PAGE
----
Crystallize the idea. Once the true north comes clear, it’s time to shape the project by honing in on the exact goal. I’ll offer a recent example: A teacher wanted to design a science project around waves of energy, and her true north was clear: She wanted students to appreciate the fact that energy waves drive modern technology, and she expected them to learn the basic science of waves. But beyond that point the project was unclear. For a coach, that’s the perfect time to jump to the end of the project and discuss potential student products. A museum exhibit? A future product that uses wave technology? A marketing and information piece that educates the public about the science of waves?
Refine the DQ. Unfortunately, many projects hang on a mediocre Driving Question that does not drive deeper learning or capture the authentic challenge. For example, in the above project on energy waves, the teacher suggested this question: “How can we learn about the importance of energy waves?” The answer is simple: Read books, listen to a lecture, or watch a You Tube video. Why so simple? Because it’s not the real question to be answered, which in the end was: “How do we, as fourth graders, educate an adult audience about the science that makes our modern devices work?” That’s the authentic, demanding challenge, not the least because few adults know how their devices work. A tip for coaches: To test the Driving Question, ask What is the problem to be solved?
Require PBL best practices. High quality PBL distinguishes projects from project based learning, meaning the design always includes a Driving Question, public sharing of products, teamwork and collaboration (whether teams or cohorts), iterative design and draft opportunities, and performance rubrics for 21st century skills. These are not optional; they are proven pieces of the process that work together to bring coherence and clarity to a project. A good coach does not let a PBL project backslide into an ordinary project by omitting key best practices.
Add power to the project. Once the framework is established, a coach should focus on the middle of a project. Many PBL teachers default to traditional teaching practices (which may be fine – see the comments below). But coaches should insist on student-focused processes here. When and how will student teams share drafts and prototypes? How will they learn feedback protocols? How will they improve their products so the teachers see the best work at the end? A key guideline here: Think engineering process, even if it’s a social studies project.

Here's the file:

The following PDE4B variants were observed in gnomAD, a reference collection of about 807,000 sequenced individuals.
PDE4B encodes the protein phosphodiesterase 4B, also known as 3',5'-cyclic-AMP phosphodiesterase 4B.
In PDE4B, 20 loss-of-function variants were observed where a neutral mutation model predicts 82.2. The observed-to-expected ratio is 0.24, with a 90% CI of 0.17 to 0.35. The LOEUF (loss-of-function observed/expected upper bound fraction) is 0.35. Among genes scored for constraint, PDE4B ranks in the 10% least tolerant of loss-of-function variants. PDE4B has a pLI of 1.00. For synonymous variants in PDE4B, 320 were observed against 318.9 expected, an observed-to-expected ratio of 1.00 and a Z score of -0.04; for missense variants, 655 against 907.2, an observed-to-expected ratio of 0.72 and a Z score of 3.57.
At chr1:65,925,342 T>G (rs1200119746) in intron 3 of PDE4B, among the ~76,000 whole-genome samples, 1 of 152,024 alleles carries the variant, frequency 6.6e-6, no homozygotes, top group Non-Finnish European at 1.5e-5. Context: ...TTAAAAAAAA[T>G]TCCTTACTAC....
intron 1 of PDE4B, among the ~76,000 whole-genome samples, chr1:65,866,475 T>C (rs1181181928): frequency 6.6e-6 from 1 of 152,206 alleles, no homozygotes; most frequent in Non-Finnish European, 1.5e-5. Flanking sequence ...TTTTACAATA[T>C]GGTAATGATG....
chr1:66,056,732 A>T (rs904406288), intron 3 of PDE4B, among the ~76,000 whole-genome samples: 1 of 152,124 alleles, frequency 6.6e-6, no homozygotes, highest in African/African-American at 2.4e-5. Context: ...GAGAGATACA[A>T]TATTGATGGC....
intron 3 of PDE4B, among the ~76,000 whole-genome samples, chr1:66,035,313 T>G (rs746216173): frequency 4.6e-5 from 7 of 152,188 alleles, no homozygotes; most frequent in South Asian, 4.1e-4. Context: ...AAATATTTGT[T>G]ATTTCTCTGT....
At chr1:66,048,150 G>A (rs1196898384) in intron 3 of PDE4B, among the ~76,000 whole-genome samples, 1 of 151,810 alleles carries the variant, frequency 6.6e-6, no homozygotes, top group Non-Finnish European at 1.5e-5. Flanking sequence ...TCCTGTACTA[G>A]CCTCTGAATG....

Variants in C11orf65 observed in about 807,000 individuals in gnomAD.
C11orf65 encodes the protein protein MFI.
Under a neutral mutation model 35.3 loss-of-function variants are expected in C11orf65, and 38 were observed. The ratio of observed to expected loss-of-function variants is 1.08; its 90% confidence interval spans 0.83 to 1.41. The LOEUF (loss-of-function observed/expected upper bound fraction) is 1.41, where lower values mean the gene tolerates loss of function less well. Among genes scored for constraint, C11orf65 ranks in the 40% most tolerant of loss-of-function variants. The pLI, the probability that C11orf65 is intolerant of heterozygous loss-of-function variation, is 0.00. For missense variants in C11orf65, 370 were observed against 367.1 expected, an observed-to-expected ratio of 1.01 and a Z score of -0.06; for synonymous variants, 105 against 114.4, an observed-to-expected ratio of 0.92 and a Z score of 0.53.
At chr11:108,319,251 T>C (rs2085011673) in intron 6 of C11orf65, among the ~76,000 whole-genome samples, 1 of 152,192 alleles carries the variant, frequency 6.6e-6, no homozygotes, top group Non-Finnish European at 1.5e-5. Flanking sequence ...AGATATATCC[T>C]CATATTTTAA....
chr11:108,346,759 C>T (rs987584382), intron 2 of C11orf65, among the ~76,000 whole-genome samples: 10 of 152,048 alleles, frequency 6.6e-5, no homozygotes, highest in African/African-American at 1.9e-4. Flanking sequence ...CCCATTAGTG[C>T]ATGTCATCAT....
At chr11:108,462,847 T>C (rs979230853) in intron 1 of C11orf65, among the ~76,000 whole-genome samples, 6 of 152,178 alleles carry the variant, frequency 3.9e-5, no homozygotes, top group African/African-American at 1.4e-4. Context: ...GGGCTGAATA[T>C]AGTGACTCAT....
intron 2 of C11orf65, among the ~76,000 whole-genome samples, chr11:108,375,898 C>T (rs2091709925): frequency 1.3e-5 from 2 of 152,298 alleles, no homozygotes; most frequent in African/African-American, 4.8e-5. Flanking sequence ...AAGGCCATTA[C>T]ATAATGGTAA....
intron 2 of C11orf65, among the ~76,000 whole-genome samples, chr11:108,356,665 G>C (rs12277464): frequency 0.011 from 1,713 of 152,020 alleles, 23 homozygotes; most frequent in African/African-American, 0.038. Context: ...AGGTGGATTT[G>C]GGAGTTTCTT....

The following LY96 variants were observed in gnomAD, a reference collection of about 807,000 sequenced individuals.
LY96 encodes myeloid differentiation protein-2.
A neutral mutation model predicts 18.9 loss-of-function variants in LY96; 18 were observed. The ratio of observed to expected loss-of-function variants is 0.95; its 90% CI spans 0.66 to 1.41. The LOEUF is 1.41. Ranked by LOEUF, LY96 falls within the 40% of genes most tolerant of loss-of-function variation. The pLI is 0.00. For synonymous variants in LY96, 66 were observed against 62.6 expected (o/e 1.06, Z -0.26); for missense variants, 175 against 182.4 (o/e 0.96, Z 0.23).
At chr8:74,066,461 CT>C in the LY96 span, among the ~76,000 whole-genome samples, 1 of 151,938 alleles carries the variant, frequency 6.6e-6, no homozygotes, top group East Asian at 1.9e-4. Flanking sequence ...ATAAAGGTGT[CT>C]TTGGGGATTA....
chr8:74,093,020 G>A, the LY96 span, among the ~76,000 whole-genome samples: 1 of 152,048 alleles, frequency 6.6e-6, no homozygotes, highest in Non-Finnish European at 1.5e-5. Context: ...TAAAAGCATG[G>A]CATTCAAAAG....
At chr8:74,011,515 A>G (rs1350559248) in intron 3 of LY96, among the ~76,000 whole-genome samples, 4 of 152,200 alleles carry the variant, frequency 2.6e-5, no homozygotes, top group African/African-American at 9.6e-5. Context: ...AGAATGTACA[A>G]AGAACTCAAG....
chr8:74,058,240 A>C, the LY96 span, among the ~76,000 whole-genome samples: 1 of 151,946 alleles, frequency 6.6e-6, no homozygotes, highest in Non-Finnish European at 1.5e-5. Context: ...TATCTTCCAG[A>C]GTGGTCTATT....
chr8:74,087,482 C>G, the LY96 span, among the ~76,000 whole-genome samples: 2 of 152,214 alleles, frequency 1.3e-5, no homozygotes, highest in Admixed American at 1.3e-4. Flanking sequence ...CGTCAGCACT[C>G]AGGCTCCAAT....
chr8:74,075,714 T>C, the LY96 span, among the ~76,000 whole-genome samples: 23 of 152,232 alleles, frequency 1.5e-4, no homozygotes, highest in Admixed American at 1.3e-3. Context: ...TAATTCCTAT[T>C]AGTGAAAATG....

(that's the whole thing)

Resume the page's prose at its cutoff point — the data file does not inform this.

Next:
Be flexible about PBL. A team of coaches asked me recently: How do we help K -3 teachers design projects so that students learn basic math and reading skills? A good coaching response: Teach math and reading. Knowing when to include direct instruction and traditional teaching methods is a necessary part of the designer’s role. Teachers know how to teach certain skills and knowledge necessary for students—and PBL is not the answer to every learning need. Also, if teachers are besieged by testing and need to include content-based instruction as part of PBL, give them permission. We do not yet have the luxury of purity.
Use a Solid Planning Form or Design Guide. Perhaps it’s obvious, but the plan must be committed to paper or captured digitally. The advantage of a comprehensive design form is that it forces a teacher-designer to examine all aspects of the design, including remembering to address key standards. So, the main tip for coaches: Don’t settle for a simple project ‘capture’ form to provide a thumbnail of a project. That’s a recipe for a project with a lot of holes.